“That book was a bridge between my ideas of the economy and my ideas of what a corporate culture like Disney might represent,” Chagoya said.
Starting in the early 1990s, the artist began to infuse Disney elements into his work – reimagining then-President Ronald Reagan as a graffiti-painting Mickey Mouse, hapless puppet Pinocchio or the overwhelmed “Sorcerer's Apprentice” from “Fantasia.”
“I didn't want to represent (Reagan) as a monster. The easiest thing to do in satire is to represent characters that are fanatical, that are very damaging to society … as monsters,” Chagoya explained. “Reality is way more complicated.”
Mickey pops up alongside Superman and Wonder Woman in Chagoya's “Tales of the Conquest: Codex” in 1992. In one scene, he gapes, aghast, at priests with hatchets buried in their heads; in another, the red-handed rodent rides alongside Batman and a camouflaged soldier in a blood-splattered tank, guns aimed at Aztec warriors armed with arrows.
That mouse may look like Mickey but “it's not the harmless cartoon I grew up with,” Chagoya explained. “In my work, it becomes a symbol of Western culture dominating non-Western culture.”
In the same way, the Pre-Columbian people seen devouring severed limbs in Chagoya's 1994 painting “The Governor's Nightmare” parody misconceptions about modern-day immigrants. (Nearby, a bound Mickey lies on a plate as a slavering god brandishes a giant salt shaker.)
“They are the cannibals, the savages, the ones who cross the border and bring illness,” explained the artist, who took his inspiration from former California Governor Pete Wilson and his anti-immigrant policies. “It's a clash of the stereotypes.”
Following the lead of marketers who use childhood nostalgia to sell products to grownups, Los Angeles artist Jaime Muñoz uses Disney characters to explore global power struggles. “Mickey is, to me, a symbol of American capitalism,” said the artist, drawing on his background in commercial art. “When you think of globalism and imperialism, you also think of Mickey.”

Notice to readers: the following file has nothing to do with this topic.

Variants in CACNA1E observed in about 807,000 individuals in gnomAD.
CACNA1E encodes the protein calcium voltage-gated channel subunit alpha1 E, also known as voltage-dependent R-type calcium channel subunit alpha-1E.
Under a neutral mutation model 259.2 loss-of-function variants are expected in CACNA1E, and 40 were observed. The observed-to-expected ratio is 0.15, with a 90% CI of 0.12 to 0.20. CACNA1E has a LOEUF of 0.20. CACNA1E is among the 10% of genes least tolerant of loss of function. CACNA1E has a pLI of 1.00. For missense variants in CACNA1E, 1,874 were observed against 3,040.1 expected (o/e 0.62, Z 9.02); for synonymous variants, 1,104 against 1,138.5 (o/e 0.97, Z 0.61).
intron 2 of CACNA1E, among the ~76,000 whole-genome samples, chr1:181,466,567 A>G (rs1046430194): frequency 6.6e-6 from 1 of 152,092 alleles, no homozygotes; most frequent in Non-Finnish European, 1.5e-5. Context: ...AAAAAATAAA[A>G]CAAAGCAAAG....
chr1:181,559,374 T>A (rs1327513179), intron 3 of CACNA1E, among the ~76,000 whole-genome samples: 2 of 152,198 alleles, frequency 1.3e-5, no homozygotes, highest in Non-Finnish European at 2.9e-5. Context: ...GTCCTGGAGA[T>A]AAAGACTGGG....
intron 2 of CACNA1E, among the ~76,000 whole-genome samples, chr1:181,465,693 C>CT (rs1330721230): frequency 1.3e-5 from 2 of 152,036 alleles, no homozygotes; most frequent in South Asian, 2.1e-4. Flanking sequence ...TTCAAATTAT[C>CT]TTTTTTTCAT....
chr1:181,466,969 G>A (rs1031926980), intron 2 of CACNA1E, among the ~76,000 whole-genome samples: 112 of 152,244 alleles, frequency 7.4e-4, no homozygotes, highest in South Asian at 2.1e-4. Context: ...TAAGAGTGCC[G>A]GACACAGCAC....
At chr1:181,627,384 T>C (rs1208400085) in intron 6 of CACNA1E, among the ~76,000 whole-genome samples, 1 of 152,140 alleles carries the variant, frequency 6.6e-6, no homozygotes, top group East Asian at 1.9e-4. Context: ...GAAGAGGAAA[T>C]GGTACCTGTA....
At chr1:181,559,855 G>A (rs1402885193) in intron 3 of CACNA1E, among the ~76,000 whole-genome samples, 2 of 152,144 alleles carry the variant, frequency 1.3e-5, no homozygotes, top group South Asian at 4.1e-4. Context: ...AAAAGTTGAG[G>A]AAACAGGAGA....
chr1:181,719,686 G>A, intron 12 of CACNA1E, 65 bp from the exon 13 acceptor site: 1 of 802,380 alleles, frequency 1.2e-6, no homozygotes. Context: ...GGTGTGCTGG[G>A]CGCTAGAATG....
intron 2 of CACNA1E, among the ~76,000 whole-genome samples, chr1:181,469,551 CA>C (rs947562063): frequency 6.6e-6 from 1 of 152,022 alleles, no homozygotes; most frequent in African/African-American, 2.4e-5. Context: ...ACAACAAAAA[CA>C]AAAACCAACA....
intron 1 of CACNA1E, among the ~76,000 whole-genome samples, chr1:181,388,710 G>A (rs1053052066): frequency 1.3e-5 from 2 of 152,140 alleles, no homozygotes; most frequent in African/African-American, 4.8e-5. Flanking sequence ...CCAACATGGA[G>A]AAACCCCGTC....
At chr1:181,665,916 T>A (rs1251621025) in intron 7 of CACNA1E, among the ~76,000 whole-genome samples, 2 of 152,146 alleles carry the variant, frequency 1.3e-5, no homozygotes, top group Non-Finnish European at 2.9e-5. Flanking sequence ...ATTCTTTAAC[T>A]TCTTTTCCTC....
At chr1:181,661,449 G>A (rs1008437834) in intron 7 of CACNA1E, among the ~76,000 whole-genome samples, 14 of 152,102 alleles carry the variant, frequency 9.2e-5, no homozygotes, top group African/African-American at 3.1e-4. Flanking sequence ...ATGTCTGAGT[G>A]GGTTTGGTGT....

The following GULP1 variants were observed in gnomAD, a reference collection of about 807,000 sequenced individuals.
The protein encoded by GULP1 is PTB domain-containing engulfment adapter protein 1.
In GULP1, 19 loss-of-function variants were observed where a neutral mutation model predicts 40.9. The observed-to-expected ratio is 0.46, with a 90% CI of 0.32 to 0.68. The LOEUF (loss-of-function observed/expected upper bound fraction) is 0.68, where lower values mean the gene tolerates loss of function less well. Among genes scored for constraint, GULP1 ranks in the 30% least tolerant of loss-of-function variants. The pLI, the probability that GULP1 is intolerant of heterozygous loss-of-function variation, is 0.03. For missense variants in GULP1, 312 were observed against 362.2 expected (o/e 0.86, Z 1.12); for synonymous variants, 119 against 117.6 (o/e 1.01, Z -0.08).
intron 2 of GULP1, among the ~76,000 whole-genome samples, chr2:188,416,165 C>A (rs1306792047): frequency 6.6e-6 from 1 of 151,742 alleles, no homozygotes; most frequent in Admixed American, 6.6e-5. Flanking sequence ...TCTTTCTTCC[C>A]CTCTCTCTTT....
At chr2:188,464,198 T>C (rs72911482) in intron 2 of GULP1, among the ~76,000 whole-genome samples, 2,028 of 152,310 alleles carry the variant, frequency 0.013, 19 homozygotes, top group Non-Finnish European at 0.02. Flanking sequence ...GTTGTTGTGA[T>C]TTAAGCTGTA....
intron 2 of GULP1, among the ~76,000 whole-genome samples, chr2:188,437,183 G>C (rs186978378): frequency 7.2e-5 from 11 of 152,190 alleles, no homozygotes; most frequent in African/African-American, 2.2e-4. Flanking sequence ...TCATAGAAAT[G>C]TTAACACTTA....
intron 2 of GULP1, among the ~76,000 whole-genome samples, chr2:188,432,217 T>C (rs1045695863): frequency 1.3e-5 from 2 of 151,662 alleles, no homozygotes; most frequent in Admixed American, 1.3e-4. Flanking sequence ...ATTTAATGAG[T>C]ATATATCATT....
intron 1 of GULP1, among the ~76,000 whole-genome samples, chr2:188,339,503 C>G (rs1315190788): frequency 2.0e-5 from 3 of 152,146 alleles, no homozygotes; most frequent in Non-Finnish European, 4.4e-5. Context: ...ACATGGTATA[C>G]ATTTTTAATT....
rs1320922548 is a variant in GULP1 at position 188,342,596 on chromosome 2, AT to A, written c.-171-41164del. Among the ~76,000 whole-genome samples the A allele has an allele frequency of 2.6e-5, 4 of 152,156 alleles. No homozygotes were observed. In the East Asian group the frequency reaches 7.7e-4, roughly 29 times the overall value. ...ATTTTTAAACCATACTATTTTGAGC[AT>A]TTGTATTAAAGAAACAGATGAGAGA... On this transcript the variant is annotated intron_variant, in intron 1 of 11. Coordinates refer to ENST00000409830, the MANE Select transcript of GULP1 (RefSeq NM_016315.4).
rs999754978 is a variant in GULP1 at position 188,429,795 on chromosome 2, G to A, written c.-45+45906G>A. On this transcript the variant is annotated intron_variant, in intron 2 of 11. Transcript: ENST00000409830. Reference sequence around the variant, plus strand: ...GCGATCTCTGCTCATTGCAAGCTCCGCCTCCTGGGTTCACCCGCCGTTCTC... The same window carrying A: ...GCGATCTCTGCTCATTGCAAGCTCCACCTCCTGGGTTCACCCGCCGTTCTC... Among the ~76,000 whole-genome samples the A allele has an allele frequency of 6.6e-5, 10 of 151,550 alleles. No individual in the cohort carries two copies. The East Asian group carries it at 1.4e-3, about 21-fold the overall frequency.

While his painting “Fin” imagines an end to that dominance – it features a prone Mickey surrounded by stylized flowers – another piece speaks to the possibility of subverting the socioeconomic structure. “Boing!” features a smiling yet defiant Donald with his fist raised in “a universal gesture for progress,” Muñoz said, signifying the value of “truly participating in your democracy instead of being a spectator.” “It really speaks to our times right now.”
“Boing!” the Mexican-American artist explained, refers to Mexican soft drink maker Pascual Boing, which became a worker-owned cooperative in 1985 following a series of brutal labor disputes. Just as those workers turned their cartoon duck logo – now a shaggy, streetwise version of Donald Duck – into a symbol of freedom, Muñoz seeks to subvert images and manipulate their meaning.
“I see it as reprogramming,” he explained. “Whatever I see as false in the (original imagery), I'll try to change and make it true.”
A similar sense of reinvention guides Irvine artist Mariangeles Soto-Diaz. As a girl growing up in Venezuela, she first encountered Disney in the form of a record featuring stories about Bambi, Dumbo and a super-sized litter of dogs. (“Why Dalmations? Why 101 and not 100?” she remembers musing.) “It was much later than I came in contact with … Cinderella and Sleeping Beauty, the more classic princess stories (about women) whose lives revolve around romantic interests,” she recalled.
“These stories of young, fair-skinned women who need to be rescued by a prince to go live in a castle seemed to insult the intelligence of most of the independently minded professional women I knew, including my mom,” Soto-Diaz said.
Her installation “Painting With Fire” “reimagines an alternative narrative of princess Elena, the first Latina princess created by Disney,” she said. But unlike Ariel in “The Little Mermaid” or Elsa in “Frozen,” the “bold, adventurous and fierce” Elena of Avalor was introduced to audiences in 2016 via a television show, not a movie – prompting “some to denounce her treatment as second-class.”
In “Painting With Fire,” created the nursery room of the Schindler House, Soto-Diaz imagines the princess burning her pink plastic castle – purchased on Craigslist, of course – in an act of feminist defiance. Wooden corner structures pair video and paintings with scorched plastic, plexiglass and vellum in “a visual conversation with (the building's) brilliant modernist architecture.”
Ultimately, the goal of “How to Read El Pato Pascual,” Chagoya said, is to “open the door for dialogue” about the troubled relationship between the United States and Latin America, “hopefully through some sense of humor.” After all, he added, “We will never solve this problem with art alone.”
Top Image: "The Governor's Nightmare" by Enrique Chagoya | Courtesy of the artist